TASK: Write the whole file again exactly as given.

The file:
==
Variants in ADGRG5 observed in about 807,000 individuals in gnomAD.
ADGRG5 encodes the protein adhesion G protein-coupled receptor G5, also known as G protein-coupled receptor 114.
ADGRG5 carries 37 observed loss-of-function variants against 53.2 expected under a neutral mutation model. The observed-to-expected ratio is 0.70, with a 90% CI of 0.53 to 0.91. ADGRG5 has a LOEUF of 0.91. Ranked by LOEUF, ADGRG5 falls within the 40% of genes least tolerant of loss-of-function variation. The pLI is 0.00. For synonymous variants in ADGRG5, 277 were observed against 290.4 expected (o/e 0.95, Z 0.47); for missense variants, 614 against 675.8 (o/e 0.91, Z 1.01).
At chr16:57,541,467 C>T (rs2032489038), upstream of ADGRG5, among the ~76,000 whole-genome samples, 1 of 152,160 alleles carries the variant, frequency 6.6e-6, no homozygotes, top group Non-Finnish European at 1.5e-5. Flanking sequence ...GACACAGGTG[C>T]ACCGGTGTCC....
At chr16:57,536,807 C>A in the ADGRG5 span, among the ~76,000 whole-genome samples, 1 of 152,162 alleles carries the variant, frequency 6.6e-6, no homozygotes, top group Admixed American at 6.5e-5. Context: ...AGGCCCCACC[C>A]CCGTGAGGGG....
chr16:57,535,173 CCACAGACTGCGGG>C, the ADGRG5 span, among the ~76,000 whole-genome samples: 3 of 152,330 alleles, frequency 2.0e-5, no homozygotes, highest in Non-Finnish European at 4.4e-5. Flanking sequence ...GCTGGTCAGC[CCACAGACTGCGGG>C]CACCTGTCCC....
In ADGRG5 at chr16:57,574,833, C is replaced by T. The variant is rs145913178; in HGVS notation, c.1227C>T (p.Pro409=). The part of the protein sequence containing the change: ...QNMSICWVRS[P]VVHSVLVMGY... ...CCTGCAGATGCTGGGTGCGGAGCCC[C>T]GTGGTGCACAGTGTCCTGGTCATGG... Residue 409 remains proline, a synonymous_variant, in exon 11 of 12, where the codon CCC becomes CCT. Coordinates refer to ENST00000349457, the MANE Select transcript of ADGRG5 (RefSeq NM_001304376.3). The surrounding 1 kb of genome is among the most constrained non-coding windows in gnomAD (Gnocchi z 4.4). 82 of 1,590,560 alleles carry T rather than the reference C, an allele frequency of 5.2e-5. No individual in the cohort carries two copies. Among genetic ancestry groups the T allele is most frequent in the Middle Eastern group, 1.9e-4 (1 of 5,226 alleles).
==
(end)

Variants in ADGRG5 observed in about 807,000 individuals in gnomAD.
ADGRG5 encodes the protein adhesion G protein-coupled receptor G5, also known as G protein-coupled receptor 114.
ADGRG5 carries 37 observed loss-of-function variants against 53.2 expected under a neutral mutation model. The observed-to-expected ratio is 0.70, with a 90% CI of 0.53 to 0.91. ADGRG5 has a LOEUF of 0.91. Ranked by LOEUF, ADGRG5 falls within the 40% of genes least tolerant of loss-of-function variation. The pLI is 0.00. For synonymous variants in ADGRG5, 277 were observed against 290.4 expected (o/e 0.95, Z 0.47); for missense variants, 614 against 675.8 (o/e 0.91, Z 1.01).
At chr16:57,541,467 C>T (rs2032489038), upstream of ADGRG5, among the ~76,000 whole-genome samples, 1 of 152,160 alleles carries the variant, frequency 6.6e-6, no homozygotes, top group Non-Finnish European at 1.5e-5. Flanking sequence ...GACACAGGTG[C>T]ACCGGTGTCC....
At chr16:57,536,807 C>A in the ADGRG5 span, among the ~76,000 whole-genome samples, 1 of 152,162 alleles carries the variant, frequency 6.6e-6, no homozygotes, top group Admixed American at 6.5e-5. Context: ...AGGCCCCACC[C>A]CCGTGAGGGG....
chr16:57,535,173 CCACAGACTGCGGG>C, the ADGRG5 span, among the ~76,000 whole-genome samples: 3 of 152,330 alleles, frequency 2.0e-5, no homozygotes, highest in Non-Finnish European at 4.4e-5. Flanking sequence ...GCTGGTCAGC[CCACAGACTGCGGG>C]CACCTGTCCC....
In ADGRG5 at chr16:57,574,833, C is replaced by T. The variant is rs145913178; in HGVS notation, c.1227C>T (p.Pro409=). The part of the protein sequence containing the change: ...QNMSICWVRS[P]VVHSVLVMGY... ...CCTGCAGATGCTGGGTGCGGAGCCC[C>T]GTGGTGCACAGTGTCCTGGTCATGG... Residue 409 remains proline, a synonymous_variant, in exon 11 of 12, where the codon CCC becomes CCT. Coordinates refer to ENST00000349457, the MANE Select transcript of ADGRG5 (RefSeq NM_001304376.3). The surrounding 1 kb of genome is among the most constrained non-coding windows in gnomAD (Gnocchi z 4.4). 82 of 1,590,560 alleles carry T rather than the reference C, an allele frequency of 5.2e-5. No individual in the cohort carries two copies. Among genetic ancestry groups the T allele is most frequent in the Middle Eastern group, 1.9e-4 (1 of 5,226 alleles).